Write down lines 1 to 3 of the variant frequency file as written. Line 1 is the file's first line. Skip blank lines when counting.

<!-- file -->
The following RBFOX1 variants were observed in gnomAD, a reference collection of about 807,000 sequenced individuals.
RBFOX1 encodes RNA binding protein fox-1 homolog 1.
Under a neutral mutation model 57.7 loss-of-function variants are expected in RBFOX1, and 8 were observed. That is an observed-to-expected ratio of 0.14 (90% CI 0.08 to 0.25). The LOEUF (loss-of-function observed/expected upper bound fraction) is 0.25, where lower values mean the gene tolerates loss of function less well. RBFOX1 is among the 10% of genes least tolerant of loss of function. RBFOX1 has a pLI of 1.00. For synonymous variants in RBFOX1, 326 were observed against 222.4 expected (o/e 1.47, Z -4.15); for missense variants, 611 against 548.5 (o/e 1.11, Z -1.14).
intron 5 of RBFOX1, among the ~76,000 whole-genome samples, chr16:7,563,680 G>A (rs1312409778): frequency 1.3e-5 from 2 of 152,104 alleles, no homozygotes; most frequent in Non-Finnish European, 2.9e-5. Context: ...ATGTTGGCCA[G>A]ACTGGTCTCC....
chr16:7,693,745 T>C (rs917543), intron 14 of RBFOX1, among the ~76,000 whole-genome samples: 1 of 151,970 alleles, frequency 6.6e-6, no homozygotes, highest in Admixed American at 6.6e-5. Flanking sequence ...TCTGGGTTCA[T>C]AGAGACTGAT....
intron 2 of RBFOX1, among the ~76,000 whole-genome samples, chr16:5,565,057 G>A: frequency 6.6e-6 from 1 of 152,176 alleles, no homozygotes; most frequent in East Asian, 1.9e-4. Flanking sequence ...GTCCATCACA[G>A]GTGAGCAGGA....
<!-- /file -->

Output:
The following RBFOX1 variants were observed in gnomAD, a reference collection of about 807,000 sequenced individuals.
RBFOX1 encodes RNA binding protein fox-1 homolog 1.
Under a neutral mutation model 57.7 loss-of-function variants are expected in RBFOX1, and 8 were observed. That is an observed-to-expected ratio of 0.14 (90% CI 0.08 to 0.25). The LOEUF (loss-of-function observed/expected upper bound fraction) is 0.25, where lower values mean the gene tolerates loss of function less well. RBFOX1 is among the 10% of genes least tolerant of loss of function. RBFOX1 has a pLI of 1.00. For synonymous variants in RBFOX1, 326 were observed against 222.4 expected (o/e 1.47, Z -4.15); for missense variants, 611 against 548.5 (o/e 1.11, Z -1.14).